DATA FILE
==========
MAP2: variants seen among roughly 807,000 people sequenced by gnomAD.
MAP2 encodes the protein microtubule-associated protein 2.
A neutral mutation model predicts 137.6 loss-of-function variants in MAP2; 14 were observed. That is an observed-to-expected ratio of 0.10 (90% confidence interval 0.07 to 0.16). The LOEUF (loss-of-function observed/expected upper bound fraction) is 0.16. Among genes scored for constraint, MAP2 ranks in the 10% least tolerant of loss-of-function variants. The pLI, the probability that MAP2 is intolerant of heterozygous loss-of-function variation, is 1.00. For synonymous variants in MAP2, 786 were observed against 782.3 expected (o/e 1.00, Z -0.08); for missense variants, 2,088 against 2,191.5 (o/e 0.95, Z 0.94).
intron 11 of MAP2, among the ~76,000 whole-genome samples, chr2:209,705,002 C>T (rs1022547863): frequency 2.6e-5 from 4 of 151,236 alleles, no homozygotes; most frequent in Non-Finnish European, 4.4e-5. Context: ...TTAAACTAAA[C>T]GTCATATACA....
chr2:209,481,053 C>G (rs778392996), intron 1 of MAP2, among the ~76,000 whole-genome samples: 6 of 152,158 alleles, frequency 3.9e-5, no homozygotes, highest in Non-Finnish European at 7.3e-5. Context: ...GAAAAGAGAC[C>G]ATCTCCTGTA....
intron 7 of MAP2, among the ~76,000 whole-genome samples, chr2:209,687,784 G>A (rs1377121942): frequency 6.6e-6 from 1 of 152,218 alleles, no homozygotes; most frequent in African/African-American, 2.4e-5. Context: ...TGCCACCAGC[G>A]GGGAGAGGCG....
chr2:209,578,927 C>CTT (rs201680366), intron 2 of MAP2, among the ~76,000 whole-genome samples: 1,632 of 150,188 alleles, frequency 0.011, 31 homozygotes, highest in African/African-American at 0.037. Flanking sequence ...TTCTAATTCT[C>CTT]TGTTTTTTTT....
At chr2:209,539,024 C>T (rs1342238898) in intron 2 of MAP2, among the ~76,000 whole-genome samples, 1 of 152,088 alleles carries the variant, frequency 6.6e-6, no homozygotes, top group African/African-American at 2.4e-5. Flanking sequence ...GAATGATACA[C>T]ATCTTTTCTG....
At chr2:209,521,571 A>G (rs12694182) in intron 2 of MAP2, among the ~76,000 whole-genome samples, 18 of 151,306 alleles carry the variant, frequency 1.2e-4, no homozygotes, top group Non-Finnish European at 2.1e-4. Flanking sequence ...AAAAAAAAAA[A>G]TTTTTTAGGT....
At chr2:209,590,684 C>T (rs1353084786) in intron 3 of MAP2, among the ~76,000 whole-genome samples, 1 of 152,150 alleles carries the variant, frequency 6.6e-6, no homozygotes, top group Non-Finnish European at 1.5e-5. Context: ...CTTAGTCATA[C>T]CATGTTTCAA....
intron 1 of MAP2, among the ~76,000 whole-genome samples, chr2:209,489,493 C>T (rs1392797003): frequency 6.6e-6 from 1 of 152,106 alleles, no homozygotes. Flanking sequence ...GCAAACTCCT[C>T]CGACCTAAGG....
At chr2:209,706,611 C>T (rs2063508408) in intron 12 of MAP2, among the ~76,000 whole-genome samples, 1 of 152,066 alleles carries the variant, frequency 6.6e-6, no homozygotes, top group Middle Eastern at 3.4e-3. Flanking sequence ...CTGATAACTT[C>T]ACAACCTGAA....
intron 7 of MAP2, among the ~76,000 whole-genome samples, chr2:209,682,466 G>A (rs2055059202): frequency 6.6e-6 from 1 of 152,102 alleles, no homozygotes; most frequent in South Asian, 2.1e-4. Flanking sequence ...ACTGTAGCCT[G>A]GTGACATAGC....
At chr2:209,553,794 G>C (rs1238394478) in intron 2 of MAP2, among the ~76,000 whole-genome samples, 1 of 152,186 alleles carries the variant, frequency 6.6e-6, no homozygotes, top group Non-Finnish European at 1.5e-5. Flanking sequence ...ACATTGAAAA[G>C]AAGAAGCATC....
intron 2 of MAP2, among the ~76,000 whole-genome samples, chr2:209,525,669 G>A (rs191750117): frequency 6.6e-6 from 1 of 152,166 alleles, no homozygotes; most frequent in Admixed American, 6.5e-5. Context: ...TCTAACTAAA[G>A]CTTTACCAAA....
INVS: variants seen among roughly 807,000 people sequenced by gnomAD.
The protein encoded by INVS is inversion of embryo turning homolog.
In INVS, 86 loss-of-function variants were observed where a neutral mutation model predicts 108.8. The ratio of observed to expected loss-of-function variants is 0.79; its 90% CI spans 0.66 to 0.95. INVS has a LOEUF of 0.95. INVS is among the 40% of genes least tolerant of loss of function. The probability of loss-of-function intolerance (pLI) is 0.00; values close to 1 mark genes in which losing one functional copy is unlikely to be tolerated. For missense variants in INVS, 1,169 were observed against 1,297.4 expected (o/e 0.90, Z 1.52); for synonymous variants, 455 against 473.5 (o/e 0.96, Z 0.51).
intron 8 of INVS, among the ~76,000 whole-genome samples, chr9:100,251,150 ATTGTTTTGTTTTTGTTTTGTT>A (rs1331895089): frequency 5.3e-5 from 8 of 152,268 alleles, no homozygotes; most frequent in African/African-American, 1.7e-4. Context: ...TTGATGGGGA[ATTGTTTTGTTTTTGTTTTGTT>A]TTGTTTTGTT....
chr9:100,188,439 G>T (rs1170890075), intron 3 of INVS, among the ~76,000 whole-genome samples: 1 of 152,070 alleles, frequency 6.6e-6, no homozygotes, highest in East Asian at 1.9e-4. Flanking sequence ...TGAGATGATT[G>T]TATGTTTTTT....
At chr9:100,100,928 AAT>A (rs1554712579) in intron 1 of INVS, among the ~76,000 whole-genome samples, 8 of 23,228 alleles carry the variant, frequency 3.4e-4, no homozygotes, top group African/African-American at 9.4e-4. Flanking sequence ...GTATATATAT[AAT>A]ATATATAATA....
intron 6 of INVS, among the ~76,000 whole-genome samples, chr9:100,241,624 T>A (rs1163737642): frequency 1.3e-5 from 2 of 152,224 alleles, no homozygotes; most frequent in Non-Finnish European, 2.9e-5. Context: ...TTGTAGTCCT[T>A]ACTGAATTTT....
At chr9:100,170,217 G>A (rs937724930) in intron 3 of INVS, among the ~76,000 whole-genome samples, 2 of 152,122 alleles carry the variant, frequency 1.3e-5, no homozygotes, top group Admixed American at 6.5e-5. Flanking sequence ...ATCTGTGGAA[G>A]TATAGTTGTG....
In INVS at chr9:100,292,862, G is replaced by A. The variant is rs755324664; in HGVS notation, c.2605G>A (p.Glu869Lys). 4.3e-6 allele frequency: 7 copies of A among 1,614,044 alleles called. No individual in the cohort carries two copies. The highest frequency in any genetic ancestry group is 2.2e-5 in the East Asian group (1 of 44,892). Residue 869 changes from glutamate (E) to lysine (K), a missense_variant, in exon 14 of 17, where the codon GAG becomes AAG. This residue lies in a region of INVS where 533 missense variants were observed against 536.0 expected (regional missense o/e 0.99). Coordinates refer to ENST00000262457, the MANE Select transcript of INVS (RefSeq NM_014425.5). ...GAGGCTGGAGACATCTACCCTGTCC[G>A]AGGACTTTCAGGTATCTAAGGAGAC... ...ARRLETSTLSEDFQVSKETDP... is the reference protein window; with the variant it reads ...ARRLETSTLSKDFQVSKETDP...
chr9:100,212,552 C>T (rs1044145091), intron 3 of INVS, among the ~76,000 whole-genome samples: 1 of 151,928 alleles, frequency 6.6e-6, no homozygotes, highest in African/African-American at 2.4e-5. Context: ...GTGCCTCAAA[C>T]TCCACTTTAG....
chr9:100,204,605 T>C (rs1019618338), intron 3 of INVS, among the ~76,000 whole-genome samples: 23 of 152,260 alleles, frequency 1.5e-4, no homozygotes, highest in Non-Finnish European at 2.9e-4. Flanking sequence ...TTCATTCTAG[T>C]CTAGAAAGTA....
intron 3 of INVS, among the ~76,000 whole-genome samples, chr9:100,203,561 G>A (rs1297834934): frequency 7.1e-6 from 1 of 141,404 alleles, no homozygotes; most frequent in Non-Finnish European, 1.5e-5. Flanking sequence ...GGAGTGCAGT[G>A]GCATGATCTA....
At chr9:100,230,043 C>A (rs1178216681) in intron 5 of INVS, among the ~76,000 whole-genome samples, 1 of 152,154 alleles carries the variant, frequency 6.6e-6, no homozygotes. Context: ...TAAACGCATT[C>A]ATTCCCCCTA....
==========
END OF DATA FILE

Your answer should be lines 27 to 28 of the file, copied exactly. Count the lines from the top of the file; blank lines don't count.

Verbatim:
intron 3 of INVS, among the ~76,000 whole-genome samples, chr9:100,203,561 G>A (rs1297834934): frequency 7.1e-6 from 1 of 141,404 alleles, no homozygotes; most frequent in Non-Finnish European, 1.5e-5. Flanking sequence ...GGAGTGCAGT[G>A]GCATGATCTA....
At chr9:100,230,043 C>A (rs1178216681) in intron 5 of INVS, among the ~76,000 whole-genome samples, 1 of 152,154 alleles carries the variant, frequency 6.6e-6, no homozygotes. Context: ...TAAACGCATT[C>A]ATTCCCCCTA....